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Chinese Traditional Dress and its Influence 1840-1960

Chinese Traditional Dress and its Influence (1840-1960) was an exhibit curated in 2013 by Professor Yehong Wang of Wenzhou University, located in the Zhejiang province of China. She curated the exhibit in collaboration with the late Professor Charlotte Jirousek, textile expert and former curator of the CF+TC. The exhibition was displayed in the Elizabeth Schmeck Brown Gallery in the Human Ecology Building. Eight years later in 2021, the exhibit is open for public viewing through Cornell University Library's Online Exhibitions platform.

The exhibit was unique in that it included various types of Chinese traditional dress from the years 1840 to 1960. It begins with the dress of the Manchu people, a nomadic culture that was forced to dress to represent their class until the Qing government was overthrown in 1911. The exhibit then highlights the dress of Han women, who had a different style compared to the Manchu people. In the exhibit, traditional Chinese motifs and symbols are emphasized through textiles and accessories. This allows the viewer to have a more clear understanding of the items they are looking at throughout the exhibit. Chinese motifs are an integral part of the culture and often manifest in dress. The exhibit ties Chinese traditional dress to the modern western world in the final section. Western cultures have admired, borrowed, and appropriated many different Chinese motifs and silhouettes; however, the pieces differ in original meaning and are therefore distinguishable from the authentic Chinese versions. The final section of the exhibit focuses on these intersections and aesthetic cultural exchange.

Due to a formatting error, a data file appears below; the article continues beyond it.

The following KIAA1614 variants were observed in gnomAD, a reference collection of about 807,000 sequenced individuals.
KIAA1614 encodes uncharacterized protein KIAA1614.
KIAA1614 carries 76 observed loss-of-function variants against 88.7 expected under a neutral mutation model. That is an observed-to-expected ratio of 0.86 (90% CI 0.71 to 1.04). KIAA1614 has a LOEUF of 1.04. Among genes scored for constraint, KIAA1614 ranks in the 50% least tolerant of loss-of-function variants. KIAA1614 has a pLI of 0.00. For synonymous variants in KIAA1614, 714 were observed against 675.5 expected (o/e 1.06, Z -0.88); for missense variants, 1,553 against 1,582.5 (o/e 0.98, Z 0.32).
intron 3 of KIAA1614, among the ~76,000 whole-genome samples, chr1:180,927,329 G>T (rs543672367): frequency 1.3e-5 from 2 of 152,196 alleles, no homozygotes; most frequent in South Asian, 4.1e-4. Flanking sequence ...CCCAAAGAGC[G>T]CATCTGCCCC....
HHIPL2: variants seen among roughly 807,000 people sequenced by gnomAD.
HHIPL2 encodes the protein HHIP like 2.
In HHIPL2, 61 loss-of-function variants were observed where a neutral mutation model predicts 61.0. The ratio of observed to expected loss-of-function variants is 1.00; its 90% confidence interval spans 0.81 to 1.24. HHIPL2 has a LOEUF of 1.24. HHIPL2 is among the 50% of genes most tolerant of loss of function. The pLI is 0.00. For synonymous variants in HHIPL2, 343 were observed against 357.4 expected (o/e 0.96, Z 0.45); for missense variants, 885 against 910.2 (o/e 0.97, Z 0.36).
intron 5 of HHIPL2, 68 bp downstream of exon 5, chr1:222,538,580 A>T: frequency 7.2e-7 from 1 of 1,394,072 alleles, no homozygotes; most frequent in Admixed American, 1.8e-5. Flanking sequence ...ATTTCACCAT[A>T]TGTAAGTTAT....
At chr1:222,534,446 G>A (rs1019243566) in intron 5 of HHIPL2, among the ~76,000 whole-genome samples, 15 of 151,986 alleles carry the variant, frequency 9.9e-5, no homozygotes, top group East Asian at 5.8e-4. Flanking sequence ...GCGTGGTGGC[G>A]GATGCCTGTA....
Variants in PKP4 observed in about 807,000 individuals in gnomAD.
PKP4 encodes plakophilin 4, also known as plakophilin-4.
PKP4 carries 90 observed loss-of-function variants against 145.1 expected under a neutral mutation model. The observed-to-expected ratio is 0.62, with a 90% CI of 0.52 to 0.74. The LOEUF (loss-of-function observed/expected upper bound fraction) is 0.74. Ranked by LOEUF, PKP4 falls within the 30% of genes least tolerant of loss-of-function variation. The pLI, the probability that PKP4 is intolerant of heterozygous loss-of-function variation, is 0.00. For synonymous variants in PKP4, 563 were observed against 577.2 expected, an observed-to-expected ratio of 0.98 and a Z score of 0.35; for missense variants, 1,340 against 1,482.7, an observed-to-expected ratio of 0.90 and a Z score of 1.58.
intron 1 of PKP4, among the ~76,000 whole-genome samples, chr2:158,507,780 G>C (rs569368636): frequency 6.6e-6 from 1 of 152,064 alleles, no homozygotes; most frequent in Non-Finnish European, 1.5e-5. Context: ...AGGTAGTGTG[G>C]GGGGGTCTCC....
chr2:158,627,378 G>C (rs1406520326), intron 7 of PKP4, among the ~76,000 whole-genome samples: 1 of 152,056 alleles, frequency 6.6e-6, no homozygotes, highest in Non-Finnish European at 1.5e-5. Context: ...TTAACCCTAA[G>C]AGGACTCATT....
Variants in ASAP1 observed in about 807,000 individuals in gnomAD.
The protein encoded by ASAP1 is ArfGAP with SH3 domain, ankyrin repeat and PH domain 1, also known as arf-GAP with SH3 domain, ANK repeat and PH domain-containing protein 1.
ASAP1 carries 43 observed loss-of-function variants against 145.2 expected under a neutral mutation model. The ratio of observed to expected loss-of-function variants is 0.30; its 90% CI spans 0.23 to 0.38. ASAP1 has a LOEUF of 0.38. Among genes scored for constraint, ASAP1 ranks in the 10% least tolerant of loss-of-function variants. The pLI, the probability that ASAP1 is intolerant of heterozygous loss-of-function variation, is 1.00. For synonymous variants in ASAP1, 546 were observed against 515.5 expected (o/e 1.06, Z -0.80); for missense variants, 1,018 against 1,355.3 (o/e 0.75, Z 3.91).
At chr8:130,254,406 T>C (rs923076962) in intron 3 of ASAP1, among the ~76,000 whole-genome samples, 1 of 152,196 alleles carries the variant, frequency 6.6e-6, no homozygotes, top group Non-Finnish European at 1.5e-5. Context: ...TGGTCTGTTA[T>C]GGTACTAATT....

The digital exhibit highlights some of the hidden treasures in the 10,000 item Cornell Fashion + Textile Collection. We hope you enjoy the journey and learn something from Professor Wang's research and curatorial work.